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Sweetheart of the Rodeo

The Byrds

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iTunes Editors’ Notes

With the addition of Gram Parsons, the Byrds took a definitive step into country music. The group had previously aired this side — Porter Wagoner’s “A Satisfied Mind” on their second album Turn! Turn! Turn!, “Mr. Spaceman” from Fifth Dimension — but they’d never completely submerged themselves into a single genre. Parsons wrote the two original compositions, his sublime signature tune regarding his southern upbringing “Hickory Wind,” and the upbeat pedal-steel driven “One Hundred Years From Now.” For the rest, the group recruited from all over. Dylan’s “You Ain’t Goin’ Nowhere” and “Nothing Was Delivered” (which later appeared on his Basement Tapes), the Louvin Brothers’ “The Christian Life,” Merle Haggard’s “Life in Prison” and Woody Guthrie’s “Pretty Boy Floyd” were smart, informed choices but much out of sync with the rock mainstream of 1968 where psychedelia was winding down as sonic innovations from Jimi Hendrix and political unrest in the world at large were surfacing in the harder edge of the music. At the time, the album’s C&W direction doomed the band commercially. Years later, it’s considered one of the most influential albums of all-time, attracting new generations to explore the connections between rock and country music. Excellent outtakes featuring Parsons have been added to the subsequent reissues.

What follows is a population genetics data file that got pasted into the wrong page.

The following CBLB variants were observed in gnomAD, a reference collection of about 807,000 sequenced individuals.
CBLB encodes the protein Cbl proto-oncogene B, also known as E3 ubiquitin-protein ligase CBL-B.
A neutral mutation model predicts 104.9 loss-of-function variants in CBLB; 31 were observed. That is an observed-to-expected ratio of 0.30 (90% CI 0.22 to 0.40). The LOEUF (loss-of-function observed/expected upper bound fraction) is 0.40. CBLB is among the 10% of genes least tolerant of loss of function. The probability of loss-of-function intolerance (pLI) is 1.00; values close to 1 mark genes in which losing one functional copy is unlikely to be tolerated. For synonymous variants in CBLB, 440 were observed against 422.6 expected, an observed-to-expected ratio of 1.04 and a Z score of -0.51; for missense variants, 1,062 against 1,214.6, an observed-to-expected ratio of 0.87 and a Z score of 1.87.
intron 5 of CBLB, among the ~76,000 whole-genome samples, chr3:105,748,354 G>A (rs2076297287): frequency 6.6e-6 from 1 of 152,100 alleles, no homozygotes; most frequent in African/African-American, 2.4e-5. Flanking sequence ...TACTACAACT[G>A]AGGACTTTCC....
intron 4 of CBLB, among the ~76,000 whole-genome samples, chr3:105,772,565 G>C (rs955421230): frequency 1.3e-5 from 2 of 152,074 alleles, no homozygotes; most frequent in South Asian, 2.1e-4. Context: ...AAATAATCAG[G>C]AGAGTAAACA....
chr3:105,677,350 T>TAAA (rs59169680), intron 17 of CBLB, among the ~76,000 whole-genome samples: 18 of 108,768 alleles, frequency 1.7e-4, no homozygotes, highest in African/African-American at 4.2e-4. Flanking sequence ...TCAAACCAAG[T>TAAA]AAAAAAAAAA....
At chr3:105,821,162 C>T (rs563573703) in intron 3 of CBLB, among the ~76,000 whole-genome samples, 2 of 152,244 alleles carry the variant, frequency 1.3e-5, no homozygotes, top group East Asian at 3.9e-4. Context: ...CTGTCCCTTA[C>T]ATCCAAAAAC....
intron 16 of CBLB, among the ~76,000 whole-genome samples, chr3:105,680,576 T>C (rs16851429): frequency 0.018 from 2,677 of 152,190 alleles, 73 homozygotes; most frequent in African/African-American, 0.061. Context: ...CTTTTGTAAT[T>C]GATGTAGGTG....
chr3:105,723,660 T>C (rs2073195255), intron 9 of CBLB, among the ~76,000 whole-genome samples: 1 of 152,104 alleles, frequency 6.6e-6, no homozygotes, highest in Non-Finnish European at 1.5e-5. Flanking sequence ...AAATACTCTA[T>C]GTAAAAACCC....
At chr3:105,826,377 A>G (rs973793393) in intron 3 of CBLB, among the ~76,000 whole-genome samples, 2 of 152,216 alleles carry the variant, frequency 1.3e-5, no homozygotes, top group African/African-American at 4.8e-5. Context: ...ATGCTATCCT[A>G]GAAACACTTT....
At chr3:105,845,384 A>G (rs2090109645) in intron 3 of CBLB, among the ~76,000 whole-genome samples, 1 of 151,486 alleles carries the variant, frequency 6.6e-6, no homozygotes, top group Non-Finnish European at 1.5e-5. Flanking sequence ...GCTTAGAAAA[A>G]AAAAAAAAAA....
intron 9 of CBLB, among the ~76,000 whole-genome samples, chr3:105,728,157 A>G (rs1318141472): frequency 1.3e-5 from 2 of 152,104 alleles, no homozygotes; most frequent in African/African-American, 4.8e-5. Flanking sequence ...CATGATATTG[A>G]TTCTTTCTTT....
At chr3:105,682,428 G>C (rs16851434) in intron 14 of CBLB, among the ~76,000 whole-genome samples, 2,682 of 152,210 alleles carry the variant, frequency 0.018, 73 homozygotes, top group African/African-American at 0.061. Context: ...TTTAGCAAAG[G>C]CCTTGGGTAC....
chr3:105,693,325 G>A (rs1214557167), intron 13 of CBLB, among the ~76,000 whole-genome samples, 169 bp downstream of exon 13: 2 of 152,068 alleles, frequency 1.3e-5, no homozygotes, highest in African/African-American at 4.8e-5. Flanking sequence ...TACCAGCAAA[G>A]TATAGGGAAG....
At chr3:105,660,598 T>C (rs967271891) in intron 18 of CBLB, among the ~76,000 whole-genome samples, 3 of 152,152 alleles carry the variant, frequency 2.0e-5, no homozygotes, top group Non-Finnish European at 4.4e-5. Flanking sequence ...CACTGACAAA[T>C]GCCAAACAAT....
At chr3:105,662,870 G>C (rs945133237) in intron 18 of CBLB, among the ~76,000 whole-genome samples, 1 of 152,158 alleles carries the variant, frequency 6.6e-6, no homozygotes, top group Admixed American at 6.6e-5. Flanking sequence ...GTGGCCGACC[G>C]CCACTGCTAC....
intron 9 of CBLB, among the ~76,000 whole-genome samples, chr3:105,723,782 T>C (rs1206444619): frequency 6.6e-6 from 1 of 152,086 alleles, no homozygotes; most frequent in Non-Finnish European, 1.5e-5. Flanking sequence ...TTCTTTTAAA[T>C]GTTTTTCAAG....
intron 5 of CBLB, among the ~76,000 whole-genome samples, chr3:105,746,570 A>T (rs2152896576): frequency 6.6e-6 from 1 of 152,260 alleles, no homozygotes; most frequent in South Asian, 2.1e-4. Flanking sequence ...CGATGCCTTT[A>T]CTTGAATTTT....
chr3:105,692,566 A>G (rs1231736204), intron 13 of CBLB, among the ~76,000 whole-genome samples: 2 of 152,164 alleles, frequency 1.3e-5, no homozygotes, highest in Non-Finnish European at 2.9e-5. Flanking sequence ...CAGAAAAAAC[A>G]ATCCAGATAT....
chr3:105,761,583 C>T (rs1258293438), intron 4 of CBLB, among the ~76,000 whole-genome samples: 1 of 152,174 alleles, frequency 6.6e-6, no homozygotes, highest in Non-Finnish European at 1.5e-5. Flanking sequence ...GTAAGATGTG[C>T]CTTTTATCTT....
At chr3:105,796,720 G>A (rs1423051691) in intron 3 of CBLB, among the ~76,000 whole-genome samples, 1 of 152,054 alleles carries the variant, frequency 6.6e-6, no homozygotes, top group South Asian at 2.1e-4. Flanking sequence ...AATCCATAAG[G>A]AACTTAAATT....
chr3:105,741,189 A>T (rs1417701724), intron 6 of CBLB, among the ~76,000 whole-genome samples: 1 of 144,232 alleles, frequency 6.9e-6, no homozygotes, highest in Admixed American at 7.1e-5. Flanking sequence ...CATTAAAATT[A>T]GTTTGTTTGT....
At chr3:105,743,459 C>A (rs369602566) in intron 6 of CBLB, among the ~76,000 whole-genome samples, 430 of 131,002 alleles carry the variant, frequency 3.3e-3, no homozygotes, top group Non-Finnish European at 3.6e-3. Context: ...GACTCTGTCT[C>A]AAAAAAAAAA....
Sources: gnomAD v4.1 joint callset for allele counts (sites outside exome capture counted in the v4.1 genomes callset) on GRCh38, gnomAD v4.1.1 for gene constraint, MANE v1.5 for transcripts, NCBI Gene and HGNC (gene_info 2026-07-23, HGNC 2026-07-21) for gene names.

Customer Reviews

Gorgeous

I'm a bit surprised to see that no one's taken the time to comment on this album. In my eyes, it ranks high in the greatest achivements of the 60s (only comming behind that of Pet Sounds, The Velvet Underground & Nico and In A Silent Way), breaking ground and moving in a progresive, honest and emotional level. The album is brillaint and beautiful, never pretentious or over the top (as many not so humbled ventures into psychedelica were).

Sweetheart of the Rodeo

Its a good thing they met Gram Parsons, if they hadn't, they wouldn't have created one of the greatest country rock albums of all time. This album was originally suposed to be a retrospective of american music. Starting in the 30's with Woody Guthrie and what not, and moving up through the years to modern (60's) music. But I guess they decided against that idea. This is a great album... buy it.

Sweat Heart of the Rodeo

Bravest rock album ever recorder and a commercial disaster during it's time while it was one of the most important albums of the late sixties. Anyone with a cowboy hat and an electric guitar playing country rock owes a nod to this masterpiece. Best listened to in it's entirety.

Biography

Formed: 1964 in Los Angeles, CA

Genre: Rock

Years Active: '60s, '70s, '80s, '90s

Although they only attained the huge success of the Beatles, Rolling Stones, and the Beach Boys for a short time in the mid-'60s, time has judged the Byrds to be nearly as influential as those groups in the long run. They were not solely responsible for devising folk-rock, but they were certainly more responsible than any other single act (Dylan included) for melding the innovations and energy of the British Invasion with the best lyrical and musical elements of contemporary folk music. The jangling,...
Full Bio